I was an athlete. I preferred sneakers to high heals. I felt so uncomfortable in dresses. I probably would have worn jeans to the Prom if I could. Shopping was the WORST. I don’t ever remember liking the colors pink and purple. I was always more of a yellow and orange kinda girl.

But somewhere along the way, I wedged myself back into ‘the box’ – it’s pretty cramped in here.

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See that girl right smack-dab in the middle?

She’s the one looking desperately at her dance instructor for guidance. She refuses to raise her left arm until she knows exactly what it takes to create the perfect Plie. She carefully studies the movement in her head, coming up with every possible scenario that could lead her to failure.

She’s the one that looks confused and a little insecure – but boy is she determined. That girl is motivated. She will nail that Plie if it’s the last thing she does. Nothing will stop her – but boy is she guarded.

She’s the one beating herself up, but refusing to give up. She wants to be the best, but really, she just wants to blend in. But if she doesn’t stand out, she’s doing something wrong.

That’s me. I’m that girl.

I strive to join Gia on the right. She invites me everyday. It looks more fun over there.

 

 

Dear Gia

Dear Gia,

Daddy and I just dropped you off – it’s your first day of Kindergarten.

Right about now I’m supposed to say, “That just flew by!”, or “Where did the time go?”. But I’d be lying if I said those words – I’d be trying to blend in with the other parents. We didn’t get to take the path where time flies. Our path was long and uphill, with a lot of rough terrain.

But you know what, Gia? You did it. You earned your spot in that classroom. I couldn’t have done this for you. I couldn’t have gotten you here on my own. I gave you the boat, but it was your job to paddle. You’ve worked tirelessly for every word you have. Every. Single. Word. From therapy, to doctors, to preschool and back – your work never stopped.

And you know something else, Gia? You never complained about it. Not once.

I’ve spent the last two years advocating in your fight to be heard. It’s been really hard. At times it had more ups and downs than mommy could take. But it was your attitude that kept me going. It was your strength that pulled me forward.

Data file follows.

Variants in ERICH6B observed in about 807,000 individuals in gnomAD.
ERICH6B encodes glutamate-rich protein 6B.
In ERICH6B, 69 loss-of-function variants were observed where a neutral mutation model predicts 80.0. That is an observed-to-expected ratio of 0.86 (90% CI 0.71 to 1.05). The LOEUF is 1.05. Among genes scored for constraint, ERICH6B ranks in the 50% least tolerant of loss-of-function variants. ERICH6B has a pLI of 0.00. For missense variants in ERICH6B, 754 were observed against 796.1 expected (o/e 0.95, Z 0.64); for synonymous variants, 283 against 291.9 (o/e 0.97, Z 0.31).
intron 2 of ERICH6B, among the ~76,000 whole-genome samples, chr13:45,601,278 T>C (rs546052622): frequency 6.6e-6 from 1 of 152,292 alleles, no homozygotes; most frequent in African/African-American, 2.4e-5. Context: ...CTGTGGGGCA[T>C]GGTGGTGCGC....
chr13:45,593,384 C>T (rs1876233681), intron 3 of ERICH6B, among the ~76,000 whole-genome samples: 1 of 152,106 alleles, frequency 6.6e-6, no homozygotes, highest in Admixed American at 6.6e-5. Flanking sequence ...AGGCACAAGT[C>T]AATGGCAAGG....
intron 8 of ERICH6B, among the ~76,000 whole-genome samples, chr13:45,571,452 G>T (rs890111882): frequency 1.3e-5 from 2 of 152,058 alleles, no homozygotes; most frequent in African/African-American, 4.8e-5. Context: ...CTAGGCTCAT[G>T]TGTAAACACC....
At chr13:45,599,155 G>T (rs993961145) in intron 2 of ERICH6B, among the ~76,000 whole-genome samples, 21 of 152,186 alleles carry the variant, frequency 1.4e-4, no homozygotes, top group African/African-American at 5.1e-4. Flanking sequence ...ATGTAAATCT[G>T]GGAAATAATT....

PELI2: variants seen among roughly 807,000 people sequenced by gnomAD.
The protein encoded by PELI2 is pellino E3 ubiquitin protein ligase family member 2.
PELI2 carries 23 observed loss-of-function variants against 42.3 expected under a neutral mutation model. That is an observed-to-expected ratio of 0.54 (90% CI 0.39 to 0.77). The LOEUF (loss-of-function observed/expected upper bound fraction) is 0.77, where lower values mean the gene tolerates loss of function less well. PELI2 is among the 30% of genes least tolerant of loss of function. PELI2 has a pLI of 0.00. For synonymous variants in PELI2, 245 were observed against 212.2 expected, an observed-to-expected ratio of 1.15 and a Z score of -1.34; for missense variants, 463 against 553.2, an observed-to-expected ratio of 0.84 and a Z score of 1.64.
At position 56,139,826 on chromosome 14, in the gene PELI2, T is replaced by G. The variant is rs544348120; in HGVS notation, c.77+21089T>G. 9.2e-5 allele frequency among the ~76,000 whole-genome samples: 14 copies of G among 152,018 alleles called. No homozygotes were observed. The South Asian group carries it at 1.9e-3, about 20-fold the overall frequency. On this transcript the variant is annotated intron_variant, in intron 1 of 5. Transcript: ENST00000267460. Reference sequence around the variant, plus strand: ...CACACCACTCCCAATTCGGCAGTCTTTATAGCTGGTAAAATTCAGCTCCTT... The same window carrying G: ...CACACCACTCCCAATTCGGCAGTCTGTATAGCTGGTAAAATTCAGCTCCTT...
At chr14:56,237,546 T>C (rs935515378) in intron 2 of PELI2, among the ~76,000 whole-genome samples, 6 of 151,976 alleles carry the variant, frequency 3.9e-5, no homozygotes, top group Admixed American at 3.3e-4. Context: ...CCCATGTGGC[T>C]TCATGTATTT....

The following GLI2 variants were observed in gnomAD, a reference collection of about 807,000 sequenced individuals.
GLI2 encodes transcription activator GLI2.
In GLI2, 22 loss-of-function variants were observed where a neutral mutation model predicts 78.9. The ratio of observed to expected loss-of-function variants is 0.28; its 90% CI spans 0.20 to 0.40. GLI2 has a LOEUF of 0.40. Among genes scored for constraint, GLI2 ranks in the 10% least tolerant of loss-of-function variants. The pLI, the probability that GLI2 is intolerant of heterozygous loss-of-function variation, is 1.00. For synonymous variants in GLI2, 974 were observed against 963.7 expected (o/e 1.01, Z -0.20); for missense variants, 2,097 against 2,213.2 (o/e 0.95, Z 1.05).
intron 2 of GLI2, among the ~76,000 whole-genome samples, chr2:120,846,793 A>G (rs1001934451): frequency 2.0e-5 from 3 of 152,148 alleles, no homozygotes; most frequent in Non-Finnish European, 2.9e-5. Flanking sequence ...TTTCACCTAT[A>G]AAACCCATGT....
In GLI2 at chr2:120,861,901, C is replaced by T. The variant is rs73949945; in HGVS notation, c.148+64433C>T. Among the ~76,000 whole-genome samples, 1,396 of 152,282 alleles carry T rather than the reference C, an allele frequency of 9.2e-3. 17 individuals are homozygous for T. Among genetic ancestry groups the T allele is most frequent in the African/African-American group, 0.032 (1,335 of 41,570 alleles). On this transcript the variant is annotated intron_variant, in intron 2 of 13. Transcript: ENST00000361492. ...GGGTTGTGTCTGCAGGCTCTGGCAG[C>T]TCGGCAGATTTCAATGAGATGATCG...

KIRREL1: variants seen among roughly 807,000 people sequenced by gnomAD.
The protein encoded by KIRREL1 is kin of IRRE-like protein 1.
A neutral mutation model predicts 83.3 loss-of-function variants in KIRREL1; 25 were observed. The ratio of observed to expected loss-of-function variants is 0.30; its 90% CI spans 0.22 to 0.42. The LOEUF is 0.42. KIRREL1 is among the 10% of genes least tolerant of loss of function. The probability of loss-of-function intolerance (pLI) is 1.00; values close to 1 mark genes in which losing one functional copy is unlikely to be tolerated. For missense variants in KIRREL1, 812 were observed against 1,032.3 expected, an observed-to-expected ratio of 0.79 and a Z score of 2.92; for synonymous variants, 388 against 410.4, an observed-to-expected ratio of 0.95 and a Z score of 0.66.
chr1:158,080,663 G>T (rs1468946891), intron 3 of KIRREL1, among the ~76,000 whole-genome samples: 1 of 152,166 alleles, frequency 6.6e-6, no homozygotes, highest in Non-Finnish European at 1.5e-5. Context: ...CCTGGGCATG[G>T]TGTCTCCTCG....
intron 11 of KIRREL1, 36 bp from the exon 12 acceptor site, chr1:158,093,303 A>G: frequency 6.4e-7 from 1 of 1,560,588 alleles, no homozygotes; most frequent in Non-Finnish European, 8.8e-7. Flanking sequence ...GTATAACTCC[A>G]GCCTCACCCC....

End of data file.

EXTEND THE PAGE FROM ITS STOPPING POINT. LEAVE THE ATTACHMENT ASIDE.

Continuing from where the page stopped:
Now here I am, sitting in an empty house, feeling a little lost without you. I miss you deeply. My calendar looks so empty. It’s been you and me against apraxia. We’re a team…I feel like I’ve lost my partner.

I’ll be honest though, Gia…I’m a little tired. I could really use a break. A nap sounds kinda nice. A pedicure sounds even nicer. I could use some lunch dates with daddy and some morning coffee with your Aunt Trish.

So today is bitter sweet. It’s a day I’ve both feared and looked forward to.

I did everything I could to get you ready for this moment. But today, as we made our way up to your new school, I couldn’t help but wonder if I had done enough. With your hand in mine, we walked into a classroom full of Kindergarteners. My head was spinning with questions I felt desperate to know the answer to – will your peers understand you? Accept you? Make fun of you? Will you struggle with Reading? Writing? Dyslexia?

Did I do enough?

In your own little way, you brought me peace and turned off all the noise. You looked so at home in that classroom – so happy and self-assured – so ready. It was clear, you were right where you wanted to be – where you needed to be.

So I grabbed your heart-shaped little face, looked you right in those big blue eyes and said goodbye with a kiss. I slowly made my way out the door, watching you as I left. But I couldn’t leave just yet. I needed just one last picture. So with camera in hand, I ran back to greet you at your desk. But you, Gia, you greeted me back with exactly the words I needed to hear…

“Mom, you gotta go!”

I’m so proud of you, Gia. Today is your day!

Love,
Mommy